Philosophies of moral theory and ethics have informed much of my exploration of “how to not be a dick”. Finding elders in my communities who are not dicks? That taught me how to not be a dick. Finding elders in my communities who *are* dicks? That taught me how to not be a dick. Being a dick? That also taught me how to not be a dick. I am not always not a dick. Sometimes I am a dick. Being a dick and being a bad person are different. Sometimes I find myself compelled to be a dick. But I am always a good dick. My gods have very little to do with whether or not I am being a dick. My religion does not exist to stop me from being a dick, or to inform me of how to be a good person; those are things that generally speaking are in my court to take responsibility for. (When I am a dick, I don't blame my gods for it. When I am a good person, I praise Them for giving me the space to find that within myself.)
They also don't care all that much, so long as I get the job done. The work that They have given me to do would be sort of impossible to do if I were a dick all the time. So I also have compassion. Not because They gave it to me, but because They demand that I do what I need to do to complete the tasks assigned. To do this, I must also have softness, tenderness, receptive qualities and embracing qualities and I have hope and I have visions of a better world. Those visions are not born of my mind, of my unconscious, of my intellectualism or blah blah blah. Those visions are the visions of my gods. Those visions are the blueprints of my job here in this world; the schematics that I am seeking to navigate.
Some people spend their lives and their religious engagements seeking the divine, seeking understanding, seeking meaning, seeking something outside (or inside) of themselves. I am not seeking those things. I already have Them. That does not mean that I have *everything*, however, for I still seek – daily – to learn the better place foot to earth with the right balance of righteousness and humility, to learn to better place bat to skull when the circumstances call for it, to learn to put the bat down when they don't. To learn to use my voice to bring not just change, but change that leads to realized vision, received from gods and blessed dead. I am seeking, always, to better calibrate my own human baggage, to embody it when needed or shift it aside when not, to better see the fulfillment of the will of my gods brought through into this world.
Because my gods have a plan. It is a good one. I've seen it. I am living inside of it.
But They can also rip my arms off and beat me to death with them, or fill me with the ability to do my work with no arms at all, across any distance, if only I have the strength to trust in Them that much more than I already do. And so I fall to my knees and I praise Them.
My religion is a religion of consequence. The day to day maintenance of human existence and so forth? That is on me. There are tools provided in the whole “polytheistic package” for assistance in those pursuits, such as divination, oracular work, healing, blessing and so forth, and my gods encourage the use of these as needed. But these are provided to compliment the human investment – the effort to be a good person, to practice and execute acts of good character inside and out, to engage with my world in a progressive and constructive and hopeful way, to encourage empowerment and compassion in those around me and lend what I have to the building (or rebuilding) of healthy and cohesive community – rather than to replace it. I am strictly forbidden from turning to my gods for aid if I have not first tried to resolve a thing myself, not because They won't help me, but because They've already given me many blessed tools. Thumbs, for example, and a brain capable of many great things, and a voice that can range in delivery between “don't you dare touch that child or I will kill you” intensity to “it is okay, dear, the scary man is gone” in gentleness.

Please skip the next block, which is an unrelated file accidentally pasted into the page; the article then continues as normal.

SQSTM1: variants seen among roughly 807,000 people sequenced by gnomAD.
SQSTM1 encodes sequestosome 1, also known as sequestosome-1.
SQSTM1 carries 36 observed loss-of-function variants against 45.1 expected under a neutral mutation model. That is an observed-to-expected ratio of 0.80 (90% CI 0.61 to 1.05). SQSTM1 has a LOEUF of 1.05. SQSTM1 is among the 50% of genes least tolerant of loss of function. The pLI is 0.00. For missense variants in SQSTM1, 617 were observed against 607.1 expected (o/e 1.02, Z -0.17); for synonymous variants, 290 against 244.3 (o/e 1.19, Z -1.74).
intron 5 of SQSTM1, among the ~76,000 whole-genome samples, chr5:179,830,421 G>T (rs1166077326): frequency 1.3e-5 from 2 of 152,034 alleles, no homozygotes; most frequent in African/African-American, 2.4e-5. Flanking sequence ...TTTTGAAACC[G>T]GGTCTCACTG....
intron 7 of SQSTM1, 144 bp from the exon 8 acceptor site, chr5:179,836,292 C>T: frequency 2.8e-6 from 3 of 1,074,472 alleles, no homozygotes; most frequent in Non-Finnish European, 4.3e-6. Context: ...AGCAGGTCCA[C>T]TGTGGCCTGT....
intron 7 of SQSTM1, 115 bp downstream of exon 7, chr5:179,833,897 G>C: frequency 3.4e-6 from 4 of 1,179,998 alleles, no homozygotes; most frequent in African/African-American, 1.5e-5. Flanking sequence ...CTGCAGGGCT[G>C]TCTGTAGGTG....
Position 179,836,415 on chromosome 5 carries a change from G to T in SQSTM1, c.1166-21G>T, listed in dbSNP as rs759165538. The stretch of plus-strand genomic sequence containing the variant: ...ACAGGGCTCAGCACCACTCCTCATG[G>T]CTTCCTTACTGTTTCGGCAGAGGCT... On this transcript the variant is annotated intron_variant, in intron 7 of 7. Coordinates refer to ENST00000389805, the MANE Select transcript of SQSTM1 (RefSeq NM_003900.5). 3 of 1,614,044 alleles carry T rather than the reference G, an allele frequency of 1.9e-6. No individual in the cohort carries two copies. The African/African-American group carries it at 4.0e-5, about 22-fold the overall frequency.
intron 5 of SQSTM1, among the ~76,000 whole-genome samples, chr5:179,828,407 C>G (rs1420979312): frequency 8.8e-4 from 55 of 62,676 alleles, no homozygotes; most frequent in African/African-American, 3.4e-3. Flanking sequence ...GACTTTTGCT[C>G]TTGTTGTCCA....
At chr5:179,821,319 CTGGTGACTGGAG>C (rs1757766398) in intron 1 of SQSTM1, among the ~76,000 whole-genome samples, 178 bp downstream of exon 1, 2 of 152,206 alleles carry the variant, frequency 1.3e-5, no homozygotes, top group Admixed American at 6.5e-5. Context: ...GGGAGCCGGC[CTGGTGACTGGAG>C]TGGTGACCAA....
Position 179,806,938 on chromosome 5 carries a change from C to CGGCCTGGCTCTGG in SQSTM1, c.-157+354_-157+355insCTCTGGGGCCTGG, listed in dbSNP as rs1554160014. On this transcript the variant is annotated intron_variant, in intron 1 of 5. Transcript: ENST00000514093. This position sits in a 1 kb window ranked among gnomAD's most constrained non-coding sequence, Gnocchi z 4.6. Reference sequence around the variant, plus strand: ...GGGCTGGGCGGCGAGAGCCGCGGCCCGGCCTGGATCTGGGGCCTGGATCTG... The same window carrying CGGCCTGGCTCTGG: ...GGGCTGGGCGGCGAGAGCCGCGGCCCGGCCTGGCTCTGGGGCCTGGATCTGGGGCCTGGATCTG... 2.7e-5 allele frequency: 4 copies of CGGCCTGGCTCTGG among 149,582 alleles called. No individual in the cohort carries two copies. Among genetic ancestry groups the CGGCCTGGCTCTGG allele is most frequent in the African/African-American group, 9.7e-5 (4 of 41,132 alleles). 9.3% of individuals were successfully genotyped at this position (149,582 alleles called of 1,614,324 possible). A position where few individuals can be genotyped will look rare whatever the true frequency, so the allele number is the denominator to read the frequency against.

My gods are gods of consequence, not abstractions torn from the back of my mind. Don't get me wrong. The unconscious is powerful, potent, and is the landscape of internal revelation. It provides the language through which outside influences can communicate meaningfully with us. The unconscious also provides the interface for us to communicate with ourselves, and “do our own work”. But my gods do not dwell there, are not born there, and don't generally give a flying feck what color the wallpaper is inside. They're from outside of it all, outside of me, you, and everyone else: that is what makes Them gods. (And yes, They're inside of us, too. But They're not from *from* inside.)
My job is to do my work and to live in this world, embodied and realized as a human-formed being, and to know myself inside and out well enough that I can put myself to the side and as far out of the equation as possible when the situation calls for it. My religion is here to provide me the tools and structures not for developing myself, but for using myself to see Their will realized in this world. My religion provides me the rules of engagement, the process of negotiation and the technology to do it all safely, sanely, cleanly, and efficiently. Looking back at my career as a spirit-worker, as a priest, as a teacher? I have done a good job. I have done good in this world. There are people alive today because I was there, because I submitted to the will of my gods and saw that will enacted through me. There are people who could have done harm who were rendered unable, not at my intervention but at the intervention of my gods acting through me, because I knew enough to step aside and let Them speak, and act, and be.
One of the concerns that I hear from a lot of people who are not polytheists in this sense, is that this all sounds like a scary “cop-out” of personal responsibility. That it sounds like an “abrogation of personal accountability”. To this I say, it could not be further from those things. To open myself up to the gods, those forces who I serve and praise outside of myself, who I adore with all of my being, is to likewise embrace a deeper accountability and sense of personal responsibility than I have witnessed in any other around me. We should be afraid of our gods, but we should not be afraid to lose ourselves to Them... for we are nothing without Them. My humanity exists as a tool for Them, as my religion exists as a tool to engage fruitfully with Them and see Their plans unfold through me in this world.